Tuesday, March 17, 2009

When Bad News is Good News and Vice-a-Versa

The 'Helicopter Economics Investing Guide' is meant to help educate people on how to make profitable investing choices in the current economic environment. In addition to the term helicopter economics, we have also coined the term, helicopternomics, to describe the current monetary and fiscal policies of the U.S. government and to update the old-fashioned term wheelbarrow economics.

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The U.S. government claims that construction on new homes and apartments jumped 22% in January. Why not 222% or 2222% or the future inflation rate of 222,222%? If you are going to publish fantastic figures you might as well go for some big splashy number that indicates every existing house in the U.S. had its land subdivided and an extra house was built on it. Well, maybe people wouldn't believe that one (although the mainstream media would publish it as if it were true). Somewhat more realistic is the PPI report released today which indicates February wholesale prices went up 0.1% after a 0.8% rise in January. Dropping oil prices are still lowering the numbers, although even with much cheaper oil, the coming big deflation that the media reported all last fall and this winter has yet to show up. Oil prices have already begun inching back up and even the highly manipulated government figures are likely to soon be showing that inflation is rising again.

Oil acted quite bullish yesterday. Even though OPEC refused to cut it production quotas at its Sunday meeting, oil prices were essentially unaffected. While oil went down about 3% in Asian trading after the meeting, it recovered its losses by the close in New York. Nymex light sweet crude is trading at 47.50 a barrel as I write this, almost as high as its gotten since the double bottom made in the high 33's on February 18th. When an investment doesn't go down on what should be bearish news, what will make it go down? The market is telling you that the selling is done (this works quite well for analyst downgrades by the way, if a stock goes up on a downgrade there are no sellers left). DXO, which New York Investing said was a good purchase on the evening of February 17th is hitting its highest high since that date today.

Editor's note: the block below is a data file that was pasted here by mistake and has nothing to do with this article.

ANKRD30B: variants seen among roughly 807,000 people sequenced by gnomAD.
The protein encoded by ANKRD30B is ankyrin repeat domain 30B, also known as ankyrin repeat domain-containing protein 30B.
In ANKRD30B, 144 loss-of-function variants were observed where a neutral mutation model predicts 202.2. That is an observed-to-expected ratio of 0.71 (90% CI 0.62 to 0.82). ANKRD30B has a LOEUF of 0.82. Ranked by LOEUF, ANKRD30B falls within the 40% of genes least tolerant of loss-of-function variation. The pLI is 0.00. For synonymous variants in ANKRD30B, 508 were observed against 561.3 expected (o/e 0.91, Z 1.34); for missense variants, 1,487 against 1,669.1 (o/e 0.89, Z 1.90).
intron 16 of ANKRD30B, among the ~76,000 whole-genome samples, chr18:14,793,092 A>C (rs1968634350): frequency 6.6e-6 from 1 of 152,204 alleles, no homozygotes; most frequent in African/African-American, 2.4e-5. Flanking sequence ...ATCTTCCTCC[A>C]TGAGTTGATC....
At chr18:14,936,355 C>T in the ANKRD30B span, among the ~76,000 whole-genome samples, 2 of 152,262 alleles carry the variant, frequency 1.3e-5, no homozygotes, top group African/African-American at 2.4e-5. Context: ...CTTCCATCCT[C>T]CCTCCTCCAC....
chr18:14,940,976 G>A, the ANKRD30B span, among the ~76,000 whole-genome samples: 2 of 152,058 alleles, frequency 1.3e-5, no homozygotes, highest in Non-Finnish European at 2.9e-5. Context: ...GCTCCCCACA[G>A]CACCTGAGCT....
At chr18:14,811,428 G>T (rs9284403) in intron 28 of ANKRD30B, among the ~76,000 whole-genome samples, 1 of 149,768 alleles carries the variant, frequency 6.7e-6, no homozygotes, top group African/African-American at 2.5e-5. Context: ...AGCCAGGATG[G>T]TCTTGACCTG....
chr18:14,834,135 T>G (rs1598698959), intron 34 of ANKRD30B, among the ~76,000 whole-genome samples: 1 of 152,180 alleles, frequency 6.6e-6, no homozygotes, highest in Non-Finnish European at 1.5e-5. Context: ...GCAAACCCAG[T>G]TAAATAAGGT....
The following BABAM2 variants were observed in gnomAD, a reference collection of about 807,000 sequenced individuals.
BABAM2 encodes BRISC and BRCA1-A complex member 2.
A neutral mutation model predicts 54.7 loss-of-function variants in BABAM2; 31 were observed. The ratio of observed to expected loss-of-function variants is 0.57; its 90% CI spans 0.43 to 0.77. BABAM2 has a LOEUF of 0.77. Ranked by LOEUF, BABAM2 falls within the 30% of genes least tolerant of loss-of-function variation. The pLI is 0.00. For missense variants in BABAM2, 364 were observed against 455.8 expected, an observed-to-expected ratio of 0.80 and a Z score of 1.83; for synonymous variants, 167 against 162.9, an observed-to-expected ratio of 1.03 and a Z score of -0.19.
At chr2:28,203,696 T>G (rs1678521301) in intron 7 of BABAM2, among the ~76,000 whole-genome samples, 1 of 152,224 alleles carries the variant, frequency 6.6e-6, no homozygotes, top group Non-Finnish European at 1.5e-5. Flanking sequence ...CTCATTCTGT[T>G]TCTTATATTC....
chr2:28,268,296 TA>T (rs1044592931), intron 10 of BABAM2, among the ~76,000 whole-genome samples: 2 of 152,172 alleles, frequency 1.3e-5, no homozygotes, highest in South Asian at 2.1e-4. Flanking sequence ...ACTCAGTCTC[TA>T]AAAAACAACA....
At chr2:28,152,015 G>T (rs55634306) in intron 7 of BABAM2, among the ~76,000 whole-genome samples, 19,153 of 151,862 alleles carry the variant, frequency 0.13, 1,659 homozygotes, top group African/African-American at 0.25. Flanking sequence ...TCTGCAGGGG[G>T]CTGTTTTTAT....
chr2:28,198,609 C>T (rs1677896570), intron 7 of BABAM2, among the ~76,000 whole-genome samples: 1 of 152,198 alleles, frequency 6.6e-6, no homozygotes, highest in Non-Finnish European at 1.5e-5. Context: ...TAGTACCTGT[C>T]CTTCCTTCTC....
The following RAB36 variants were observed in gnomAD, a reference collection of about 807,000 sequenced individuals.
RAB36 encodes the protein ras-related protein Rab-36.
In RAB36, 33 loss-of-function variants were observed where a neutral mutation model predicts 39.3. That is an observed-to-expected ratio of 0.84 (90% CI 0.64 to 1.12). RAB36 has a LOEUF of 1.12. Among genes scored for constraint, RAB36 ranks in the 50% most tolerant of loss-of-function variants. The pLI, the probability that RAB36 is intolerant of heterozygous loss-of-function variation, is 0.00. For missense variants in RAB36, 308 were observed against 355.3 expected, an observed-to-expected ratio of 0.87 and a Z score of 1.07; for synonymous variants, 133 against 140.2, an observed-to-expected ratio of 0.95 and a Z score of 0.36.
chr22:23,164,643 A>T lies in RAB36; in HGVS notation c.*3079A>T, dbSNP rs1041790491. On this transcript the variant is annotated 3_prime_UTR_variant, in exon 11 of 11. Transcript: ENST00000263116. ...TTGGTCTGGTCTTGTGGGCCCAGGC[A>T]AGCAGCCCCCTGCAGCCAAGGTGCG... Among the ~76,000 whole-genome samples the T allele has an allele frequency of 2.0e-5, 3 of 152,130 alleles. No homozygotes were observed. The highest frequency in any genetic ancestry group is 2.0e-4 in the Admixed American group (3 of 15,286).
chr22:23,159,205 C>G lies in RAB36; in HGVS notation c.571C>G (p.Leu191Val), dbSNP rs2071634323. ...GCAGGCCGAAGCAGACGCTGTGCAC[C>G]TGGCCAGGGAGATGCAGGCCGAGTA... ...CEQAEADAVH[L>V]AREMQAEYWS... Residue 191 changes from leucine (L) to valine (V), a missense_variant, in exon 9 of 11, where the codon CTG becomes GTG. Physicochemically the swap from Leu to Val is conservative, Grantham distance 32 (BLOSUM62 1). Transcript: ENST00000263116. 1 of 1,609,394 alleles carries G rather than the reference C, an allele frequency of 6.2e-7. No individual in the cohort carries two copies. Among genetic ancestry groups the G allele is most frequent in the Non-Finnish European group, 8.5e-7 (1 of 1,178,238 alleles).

Sometimes assets do indeed go down on bad news, but don't hit new lows. This is also bullish. You should be watching Alcoa (AA), which had horrendous news yesterday. While the dividend cut was expected by any rational person, the issuing of new stock and convertibles is dilutive for current shareholders. AA's yearly low was 4.97 reached on March 6th and it has not been breached yet in today's trading with the low so far being 5.37. AA is not the first metal stock to cut its dividend, reduce capital spending, etc., etc. Freeport McMoran Copper and Gold (FCX) did so last December 3rd and the stock bottomed 2 days later at 15.70. It has gotten over 38.00 since then. When really bad news comes out, you need to ask yourself what else could happen. If there is nothing worse, how can the investment go down further? Unlike FCX, AA does have one additional risk and that is it could be thrown out of the Dow Jones Industrial Average.

The stock market is filled with beaten down stocks at the moment. To find the real bargains you need to determine if the company will still be in business tomorrow. In some cases, the answer to that is no (think financials and anything related to them). In others like FCX, which is the lowest cost copper producer in the world, the demise of the company would mean the disappearance of an entire essential industry. If the industry isn't going to disappear, the lowest cost producer will still be around. You should find out who these companies are for every commodity.

NEXT: What Happened to Deflation?

Daryl Montgomery
Organizer,New York Investing meetup

This posting is editorial opinion. Like all other postings for this blog, there is no intention to endorse the purchase or sale of any security.

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